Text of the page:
Commentary by Jeffery Hunt
50th Space Wing director of staff
During the last several months, I have been reminded of the commercialization of our holidays. We have a tendency to forget that the meaning of these days is to set aside time for reflection and understanding. What I want to do is to ensure we don’t forget the true meaning of some of our holidays specifically, Memorial Day and Independence Day.
As we have seen through the years, these days tend to be more about barbecues, picnics, concerts, huge discounts and blockbuster movie openings than reflection. I for one have taken advantage of these sales events, discounts and of course, got caught up in the glitz of the moment. As Hawaii Sen. Daniel Inouye once said, “We have lost sight of the significance of this day (Memorial Day) to our nation. Instead of using Memorial Day as a time to honor and reflect on the sacrifices made by Americans; many Americans use the day as a celebration of the beginning of summer.” This also applies to Independence Day, which of course is when we recognize the day we adopted the Declaration of Independence.
Recently, I’ve read several books that have reminded me of the meaning for these holidays. “The Spirit of Seventy-Six,” (The story of the American Revolution as told by participants), “John Adams,” (A Biography), “The Civil War,” (A three book series written by Shelby Foote), “Lee’s Lieutenant’s,” (A look at General Robert E. Lee’s key leaders during the Civil War) and “This Kind of War,” (A classic Korean War history). These are only a few that I have read through the years, but definitely ones that have stuck out to me.
Memorial Day started as Decoration Day. It is not wholly conclusive when and where the origins of this day began. It has many stories, but the intent was to enable many cities, towns and groups to honor those who served our country after the Civil War. History shows that this day was officially proclaimed May 30, 1868 by Gen. John Logan with the first official observation for those who died fighting in the Civil War. After World War I, it was changed to honor all of those who died in any war. Congress eventually passed the National Holiday Act of 1971 to ensure the last Monday of the month of May is the official Memorial Day.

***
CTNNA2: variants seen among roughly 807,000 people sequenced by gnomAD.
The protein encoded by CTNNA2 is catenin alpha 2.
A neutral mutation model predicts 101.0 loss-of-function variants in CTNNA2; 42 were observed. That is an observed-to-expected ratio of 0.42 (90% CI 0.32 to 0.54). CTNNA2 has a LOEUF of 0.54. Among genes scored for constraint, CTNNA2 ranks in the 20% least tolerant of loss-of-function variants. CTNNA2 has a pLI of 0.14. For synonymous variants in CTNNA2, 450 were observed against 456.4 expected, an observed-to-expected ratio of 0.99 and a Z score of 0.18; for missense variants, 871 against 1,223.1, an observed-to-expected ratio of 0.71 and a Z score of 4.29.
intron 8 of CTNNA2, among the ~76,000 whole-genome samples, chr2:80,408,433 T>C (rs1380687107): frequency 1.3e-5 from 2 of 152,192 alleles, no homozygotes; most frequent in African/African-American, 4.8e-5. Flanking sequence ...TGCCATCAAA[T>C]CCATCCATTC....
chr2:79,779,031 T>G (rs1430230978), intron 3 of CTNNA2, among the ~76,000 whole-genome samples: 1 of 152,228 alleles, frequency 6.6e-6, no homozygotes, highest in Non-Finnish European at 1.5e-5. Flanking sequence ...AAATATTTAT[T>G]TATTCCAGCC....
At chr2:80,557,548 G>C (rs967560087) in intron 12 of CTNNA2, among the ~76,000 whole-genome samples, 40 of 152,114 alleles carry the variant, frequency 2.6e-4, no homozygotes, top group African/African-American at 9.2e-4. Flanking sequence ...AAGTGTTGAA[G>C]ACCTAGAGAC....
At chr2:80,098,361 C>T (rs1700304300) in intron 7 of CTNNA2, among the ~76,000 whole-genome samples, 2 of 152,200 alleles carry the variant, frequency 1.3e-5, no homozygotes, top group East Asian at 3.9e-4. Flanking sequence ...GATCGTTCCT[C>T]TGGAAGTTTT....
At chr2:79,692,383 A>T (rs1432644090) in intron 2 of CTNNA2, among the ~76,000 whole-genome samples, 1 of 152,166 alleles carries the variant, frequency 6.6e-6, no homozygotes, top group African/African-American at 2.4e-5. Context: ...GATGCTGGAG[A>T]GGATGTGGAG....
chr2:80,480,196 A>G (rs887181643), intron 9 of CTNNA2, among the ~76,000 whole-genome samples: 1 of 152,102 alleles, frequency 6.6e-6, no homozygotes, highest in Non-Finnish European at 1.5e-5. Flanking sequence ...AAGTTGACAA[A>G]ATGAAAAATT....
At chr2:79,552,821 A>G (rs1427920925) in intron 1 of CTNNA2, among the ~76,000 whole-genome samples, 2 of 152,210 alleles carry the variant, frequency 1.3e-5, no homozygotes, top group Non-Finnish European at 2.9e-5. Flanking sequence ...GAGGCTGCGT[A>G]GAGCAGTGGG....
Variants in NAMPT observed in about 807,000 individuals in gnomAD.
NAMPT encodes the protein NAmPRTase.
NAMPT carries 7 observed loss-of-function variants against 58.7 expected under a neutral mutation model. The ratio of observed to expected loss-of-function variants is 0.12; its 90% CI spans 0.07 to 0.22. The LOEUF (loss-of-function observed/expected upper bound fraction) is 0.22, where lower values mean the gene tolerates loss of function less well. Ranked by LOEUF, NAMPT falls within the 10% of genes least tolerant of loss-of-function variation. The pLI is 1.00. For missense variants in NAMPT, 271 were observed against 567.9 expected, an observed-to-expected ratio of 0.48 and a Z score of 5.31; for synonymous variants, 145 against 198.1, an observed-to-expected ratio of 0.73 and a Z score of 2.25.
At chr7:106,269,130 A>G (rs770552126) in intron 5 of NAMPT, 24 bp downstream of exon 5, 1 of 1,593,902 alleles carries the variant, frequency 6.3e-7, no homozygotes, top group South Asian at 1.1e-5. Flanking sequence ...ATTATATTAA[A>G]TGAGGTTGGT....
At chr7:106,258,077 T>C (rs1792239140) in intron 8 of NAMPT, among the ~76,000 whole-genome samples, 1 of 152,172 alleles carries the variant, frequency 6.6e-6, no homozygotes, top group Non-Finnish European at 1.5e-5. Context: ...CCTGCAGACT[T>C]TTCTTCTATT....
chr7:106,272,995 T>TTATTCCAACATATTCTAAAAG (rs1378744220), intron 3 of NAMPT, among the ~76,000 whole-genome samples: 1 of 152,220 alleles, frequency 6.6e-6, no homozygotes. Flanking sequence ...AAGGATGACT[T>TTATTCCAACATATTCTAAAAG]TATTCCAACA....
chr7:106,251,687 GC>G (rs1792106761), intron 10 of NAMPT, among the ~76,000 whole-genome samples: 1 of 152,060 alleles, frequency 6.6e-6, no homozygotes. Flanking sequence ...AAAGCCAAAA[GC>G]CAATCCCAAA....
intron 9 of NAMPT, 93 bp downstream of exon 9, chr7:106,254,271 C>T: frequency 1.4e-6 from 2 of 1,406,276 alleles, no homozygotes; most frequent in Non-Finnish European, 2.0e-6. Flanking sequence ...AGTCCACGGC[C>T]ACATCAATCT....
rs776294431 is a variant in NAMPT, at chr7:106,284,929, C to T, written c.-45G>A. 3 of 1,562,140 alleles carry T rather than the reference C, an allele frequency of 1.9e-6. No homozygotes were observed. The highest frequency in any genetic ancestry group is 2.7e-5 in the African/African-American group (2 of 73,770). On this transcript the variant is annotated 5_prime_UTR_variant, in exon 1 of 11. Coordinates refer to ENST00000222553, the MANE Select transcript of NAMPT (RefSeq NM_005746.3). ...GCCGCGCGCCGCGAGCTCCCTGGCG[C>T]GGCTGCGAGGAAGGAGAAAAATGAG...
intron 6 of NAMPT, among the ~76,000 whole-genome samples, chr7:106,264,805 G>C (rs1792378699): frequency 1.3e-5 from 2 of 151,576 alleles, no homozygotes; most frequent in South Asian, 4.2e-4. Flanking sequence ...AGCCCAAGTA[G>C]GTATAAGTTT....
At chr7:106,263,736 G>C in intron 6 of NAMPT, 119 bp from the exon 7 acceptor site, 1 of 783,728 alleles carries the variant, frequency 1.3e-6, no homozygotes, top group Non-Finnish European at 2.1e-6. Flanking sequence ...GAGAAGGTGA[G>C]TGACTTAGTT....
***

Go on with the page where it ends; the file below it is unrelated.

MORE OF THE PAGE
Independence Day commemorates the adoption of the Declaration of Independence. It is interesting to note that John Adams had written to his wife Abigail about the day when the Second Continental Congress voted approving a resolution to separate from Great Britain. Here is an excerpt: “The second day of July, 1776, will be the most memorable epoch in the history of America. I am apt to believe that it will be celebrated by succeeding generations as the great anniversary festival. It ought to be commemorated as the day of deliverance, by solemn acts of devotion to God Almighty. It ought to be solemnized with pomp and parade, with shows, games, sports, guns, bells, bonfires and illuminations, from one end of this continent to the other, from this time forward forever more.”
The revolution was in itself the focus of what gave America its character and the ideals we have come to recognize and cherish. From the “Shot heard round the world” at Concord, through the devastating winter at Valley Forge, to the victory at Yorktown, the world basically turned itself upside down.
There are of course the popular slogans of the time. “I only regret I have but one life to lose for my country,” “I have not yet begun to fight,” and “As for me, give me liberty or give me death,” which demonstrated our character at the time.
The American Revolution was not just American history but a world event. As we have seen in the last 235 years, this new nation has had and continues to have a great influence in the world all because we had the great fortune of people like John Adams, Thomas Paine, George Washington, Alexander Hamilton and Thomas Jefferson. The fortitude of men and women who fought for our liberties and died so our nation can be what it is today is the most important.
Through the years, our beliefs and our character have been challenged, but we have endured. Many men and women, military and civilians, from the War of 1812, the Civil War, the Spanish-American War, World War I and II, Korean War, Vietnam War and now the conflicts in Iraq and Afghanistan, have given their last full measure of devotion to maintain this country’s freedoms and liberties.
I ask that while you enjoy your picnics, barbecues and discounts as I do, that you also remember the history of our country and the sacrifices of those who came before us. Take a few moments here and there to refresh your memories and share them with your children, grandchildren, neighbors and friends.
As Dwight D. Eisenhower said, “Freedom has its life in the hearts, the actions, the spirit of men and so it must be daily earned and refreshed — else like a flower cut from its life-giving roots, it will wither and die.”